Gene Therapy, DNA’s Past, RNA’s Future: A Time of Promise

Graphical representation of DNA and genes 

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This story is part of a series on the latest developments in Regenerative Medicine. In 1999, I defined regenerative medicine as a collection of interventions that restore cells and organs that have been damaged by disease, injured by trauma, or that are time-consuming to function properly. I include many chemical, genetic, and protein drugs, cell-based therapies, and biological therapies that achieve that goal.

In these subgroups, we focus more on genetic therapies. We review the latest treatment options and review developments that aim to revolutionize healthcare. Each article in this collection focuses on a different aspect of gene therapy’s role within the larger narrative of Regenerative Medicine. 

The history of gene therapy is full of wisdom, imagination and research. The 1960s through the 1980s, in particular, was a time of great progress, marked by major breakthroughs and discoveries. During this time, there was a better understanding of the nature of genes and their ability to treat disease.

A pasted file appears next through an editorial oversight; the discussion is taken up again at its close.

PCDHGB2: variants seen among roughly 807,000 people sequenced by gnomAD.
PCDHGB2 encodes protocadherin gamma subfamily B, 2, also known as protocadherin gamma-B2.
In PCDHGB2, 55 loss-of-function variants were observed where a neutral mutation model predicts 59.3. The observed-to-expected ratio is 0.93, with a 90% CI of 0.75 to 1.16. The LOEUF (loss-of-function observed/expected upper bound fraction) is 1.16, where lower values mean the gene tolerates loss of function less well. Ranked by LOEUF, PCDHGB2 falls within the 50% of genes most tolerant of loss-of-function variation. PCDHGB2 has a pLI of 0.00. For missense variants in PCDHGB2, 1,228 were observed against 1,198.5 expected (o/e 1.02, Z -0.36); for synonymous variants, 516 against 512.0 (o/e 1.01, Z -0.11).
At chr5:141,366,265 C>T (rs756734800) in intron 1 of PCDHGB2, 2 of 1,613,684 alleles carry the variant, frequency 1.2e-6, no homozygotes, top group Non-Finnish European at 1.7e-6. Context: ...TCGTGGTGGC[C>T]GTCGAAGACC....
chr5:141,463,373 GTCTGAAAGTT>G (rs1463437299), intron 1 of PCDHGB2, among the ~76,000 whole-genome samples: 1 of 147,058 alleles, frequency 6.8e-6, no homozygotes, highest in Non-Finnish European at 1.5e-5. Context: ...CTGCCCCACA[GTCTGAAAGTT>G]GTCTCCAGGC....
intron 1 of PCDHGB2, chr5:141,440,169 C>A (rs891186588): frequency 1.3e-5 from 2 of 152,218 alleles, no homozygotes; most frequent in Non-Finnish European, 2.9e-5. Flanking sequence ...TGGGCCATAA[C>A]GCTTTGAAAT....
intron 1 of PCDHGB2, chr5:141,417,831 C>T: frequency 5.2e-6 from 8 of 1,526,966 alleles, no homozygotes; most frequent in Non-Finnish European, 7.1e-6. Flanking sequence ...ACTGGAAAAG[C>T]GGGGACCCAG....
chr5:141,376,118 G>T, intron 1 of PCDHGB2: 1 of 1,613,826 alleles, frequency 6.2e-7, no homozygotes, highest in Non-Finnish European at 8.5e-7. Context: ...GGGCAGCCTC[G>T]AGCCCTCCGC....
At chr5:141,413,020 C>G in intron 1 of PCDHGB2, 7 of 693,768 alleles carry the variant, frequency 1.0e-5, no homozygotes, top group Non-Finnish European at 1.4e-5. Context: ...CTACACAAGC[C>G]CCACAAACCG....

Today, gene therapy is at the forefront of genetic research, and the possibilities are endless. With continued research and development, gene therapy can change many lives.

Development of Gene Therapy Concepts

In the 1960s, the possibility of treating genetic disorders by generating therapeutic DNA sequences was explored. This theory gained momentum after the discovery in 1961. This research showed that messenger RNA, known as mRNA, is very important in transferring genetic information from DNA to protein factories by between cells.

This discovery came about as a result of a comprehensive study of bacteriophage T4, a virus that infects bacteria. The viral DNA was found to be transcribed into mRNA, the template for the synthesis of new viral particles. This method of writing and translation is now known as the central discipline of molecular biology.

Image obtained from the NCI CCR BIOINFORMATICS TRAINING AND EDUCATION PROGRAM Originally developed by the Children’s Research Hospital of St. Jude

Also, in 1961, Lorraine Kraus succeeded in inserting functional DNA into a mammalian cell. He genetically modified the hemoglobin of cells taken from the bone marrow of a patient with sickle-cell anemia. This is done by injecting the patient’s cells with DNA extracted from a donor with normal hemoglobin in cell culture. Shortly after this, these ideas were put into practical use.

Using Novel Gene Therapy Ideas

Gene Therapy, DNA's Past, RNA's Future: A Time of Promise